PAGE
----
Fykes notes that if a home lingers too long on the market, buyers will question whether something is wrong with the property. A typical home spends three weeks on the market, according to National Association of Realtors data, so if you linger much longer than that, it’s time for a reboot.

“Pricing a property too high is going to lose you money in the long run,” Lowe says.

So you want your agent to be real with you about what happens if your home sits stale for too long.

According to data released in 2017 by the National Association of Realtors, 22% of recent sellers reported that they’d trimmed the asking price at least once.

How aggressive will your agent be in adjusting the price to market conditions and buyer demand?

Never settle for “posting to the MLS” as your marketing plan

Nike sells shoes with ads that inspire people to conquer their demons and “just do it.” M&Ms stays relevant with millennials using candy mascot Facebook groups. Coca-Cola puts names like “Joe” and “Taylor” on its bottles to make its big brand power more personal.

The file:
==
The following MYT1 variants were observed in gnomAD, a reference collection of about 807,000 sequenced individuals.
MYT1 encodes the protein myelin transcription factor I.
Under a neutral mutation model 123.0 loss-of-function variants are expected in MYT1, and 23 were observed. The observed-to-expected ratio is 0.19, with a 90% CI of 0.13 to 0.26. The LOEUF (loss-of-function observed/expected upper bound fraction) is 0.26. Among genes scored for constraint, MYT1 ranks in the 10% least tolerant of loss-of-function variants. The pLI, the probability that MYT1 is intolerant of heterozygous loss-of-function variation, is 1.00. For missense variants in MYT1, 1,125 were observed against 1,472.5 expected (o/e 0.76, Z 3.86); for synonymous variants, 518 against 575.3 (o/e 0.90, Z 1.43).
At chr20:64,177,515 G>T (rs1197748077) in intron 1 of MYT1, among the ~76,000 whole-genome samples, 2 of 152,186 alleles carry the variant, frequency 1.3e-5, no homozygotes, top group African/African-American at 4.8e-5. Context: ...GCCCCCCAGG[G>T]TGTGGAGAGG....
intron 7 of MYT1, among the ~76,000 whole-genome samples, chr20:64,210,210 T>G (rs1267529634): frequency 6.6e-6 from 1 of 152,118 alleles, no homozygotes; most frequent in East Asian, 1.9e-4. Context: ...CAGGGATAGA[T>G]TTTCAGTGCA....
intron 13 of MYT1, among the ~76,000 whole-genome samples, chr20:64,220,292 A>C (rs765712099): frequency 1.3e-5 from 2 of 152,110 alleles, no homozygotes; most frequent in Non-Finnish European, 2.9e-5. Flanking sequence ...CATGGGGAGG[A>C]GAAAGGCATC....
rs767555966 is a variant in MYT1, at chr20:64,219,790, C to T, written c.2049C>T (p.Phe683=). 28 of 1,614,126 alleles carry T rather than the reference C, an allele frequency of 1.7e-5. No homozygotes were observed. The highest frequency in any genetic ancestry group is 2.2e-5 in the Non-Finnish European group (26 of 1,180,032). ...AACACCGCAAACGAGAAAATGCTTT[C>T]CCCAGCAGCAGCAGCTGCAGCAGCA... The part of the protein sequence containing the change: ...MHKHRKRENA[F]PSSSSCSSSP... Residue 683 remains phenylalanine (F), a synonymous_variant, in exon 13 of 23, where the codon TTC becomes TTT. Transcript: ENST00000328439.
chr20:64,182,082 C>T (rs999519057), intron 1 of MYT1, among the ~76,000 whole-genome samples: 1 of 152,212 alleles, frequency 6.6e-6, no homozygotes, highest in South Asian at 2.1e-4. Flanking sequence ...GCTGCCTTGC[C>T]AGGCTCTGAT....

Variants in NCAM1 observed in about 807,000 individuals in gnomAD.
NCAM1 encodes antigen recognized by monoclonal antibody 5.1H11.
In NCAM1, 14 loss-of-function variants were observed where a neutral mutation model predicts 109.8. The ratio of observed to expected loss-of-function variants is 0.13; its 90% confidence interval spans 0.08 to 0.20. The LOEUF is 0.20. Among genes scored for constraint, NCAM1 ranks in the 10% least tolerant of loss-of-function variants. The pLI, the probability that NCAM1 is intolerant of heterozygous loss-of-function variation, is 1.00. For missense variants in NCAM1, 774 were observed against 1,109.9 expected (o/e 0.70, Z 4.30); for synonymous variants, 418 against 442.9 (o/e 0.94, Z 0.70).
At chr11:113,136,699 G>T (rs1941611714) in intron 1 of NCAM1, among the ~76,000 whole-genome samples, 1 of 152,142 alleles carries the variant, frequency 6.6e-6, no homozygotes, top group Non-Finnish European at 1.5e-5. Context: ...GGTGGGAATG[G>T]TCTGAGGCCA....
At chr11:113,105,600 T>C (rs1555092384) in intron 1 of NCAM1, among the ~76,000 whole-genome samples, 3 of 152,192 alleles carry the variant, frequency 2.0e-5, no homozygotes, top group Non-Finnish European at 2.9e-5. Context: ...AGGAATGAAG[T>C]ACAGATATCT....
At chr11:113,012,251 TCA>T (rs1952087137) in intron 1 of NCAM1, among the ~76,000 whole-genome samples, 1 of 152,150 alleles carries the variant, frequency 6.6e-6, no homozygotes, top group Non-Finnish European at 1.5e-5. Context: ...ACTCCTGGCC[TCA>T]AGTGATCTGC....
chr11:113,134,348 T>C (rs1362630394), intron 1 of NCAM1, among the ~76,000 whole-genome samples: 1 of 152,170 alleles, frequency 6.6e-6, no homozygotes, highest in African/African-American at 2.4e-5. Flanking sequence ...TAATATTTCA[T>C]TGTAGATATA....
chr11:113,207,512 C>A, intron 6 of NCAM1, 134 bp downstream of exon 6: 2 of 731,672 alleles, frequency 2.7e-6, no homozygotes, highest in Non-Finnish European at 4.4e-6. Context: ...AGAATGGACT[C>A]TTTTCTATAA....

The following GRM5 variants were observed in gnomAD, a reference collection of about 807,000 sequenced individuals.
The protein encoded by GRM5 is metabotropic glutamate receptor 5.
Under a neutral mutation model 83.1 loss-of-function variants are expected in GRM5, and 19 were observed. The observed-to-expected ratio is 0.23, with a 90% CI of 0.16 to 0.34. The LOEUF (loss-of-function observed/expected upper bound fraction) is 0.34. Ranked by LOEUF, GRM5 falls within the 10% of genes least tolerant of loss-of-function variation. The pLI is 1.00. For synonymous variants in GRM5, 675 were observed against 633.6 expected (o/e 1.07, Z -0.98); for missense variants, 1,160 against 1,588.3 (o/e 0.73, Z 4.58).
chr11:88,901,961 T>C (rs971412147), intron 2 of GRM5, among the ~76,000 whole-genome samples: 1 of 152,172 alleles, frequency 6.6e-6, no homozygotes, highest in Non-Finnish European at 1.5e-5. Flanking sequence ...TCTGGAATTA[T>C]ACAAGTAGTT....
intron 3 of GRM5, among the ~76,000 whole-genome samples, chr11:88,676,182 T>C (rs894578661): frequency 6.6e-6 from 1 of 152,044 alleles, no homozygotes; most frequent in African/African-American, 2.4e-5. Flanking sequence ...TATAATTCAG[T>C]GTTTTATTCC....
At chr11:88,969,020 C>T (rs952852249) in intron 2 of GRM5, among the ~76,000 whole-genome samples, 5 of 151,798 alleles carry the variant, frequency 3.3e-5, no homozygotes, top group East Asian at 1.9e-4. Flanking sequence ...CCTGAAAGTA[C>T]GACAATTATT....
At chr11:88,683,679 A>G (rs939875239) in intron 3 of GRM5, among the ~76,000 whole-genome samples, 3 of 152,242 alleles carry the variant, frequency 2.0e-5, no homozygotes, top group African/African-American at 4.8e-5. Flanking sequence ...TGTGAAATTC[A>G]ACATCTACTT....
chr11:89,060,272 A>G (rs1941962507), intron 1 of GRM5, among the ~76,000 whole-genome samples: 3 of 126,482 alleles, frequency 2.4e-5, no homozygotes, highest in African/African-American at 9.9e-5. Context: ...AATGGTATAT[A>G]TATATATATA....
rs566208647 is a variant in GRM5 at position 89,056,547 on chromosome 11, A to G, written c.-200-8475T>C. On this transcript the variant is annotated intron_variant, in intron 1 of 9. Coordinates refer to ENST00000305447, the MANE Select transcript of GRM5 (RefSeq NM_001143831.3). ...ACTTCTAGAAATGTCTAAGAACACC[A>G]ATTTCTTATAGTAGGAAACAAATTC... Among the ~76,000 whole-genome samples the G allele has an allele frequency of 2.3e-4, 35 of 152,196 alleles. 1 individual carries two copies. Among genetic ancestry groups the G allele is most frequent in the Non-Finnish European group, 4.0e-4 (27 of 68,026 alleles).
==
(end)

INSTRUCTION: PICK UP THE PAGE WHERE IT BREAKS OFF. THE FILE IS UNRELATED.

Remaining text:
Businesses of all shapes and sizes rely on clever marketing plans to promote their products and services. Your home—which is a product, too—deserves its own tailored publicity roadmap.

But great marketing doesn’t come out of thin air, whether you’re selling a mega-brand or your run-of-the-mill home on Main Street. It requires deep knowledge of your target audience and careful planning.

That’s what you hire an agent for. If you’re lucky, you’ll find one with the advertising genius of Don Draper and work ethic of Casey Hurbis, the CMO of Quicken Loans who couldn’t sleep for the 7 months leading up to the mortgage lender’s Super Bowl LII ad campaign launch.

Start with HomeLight to find one with the marketing prowess you need.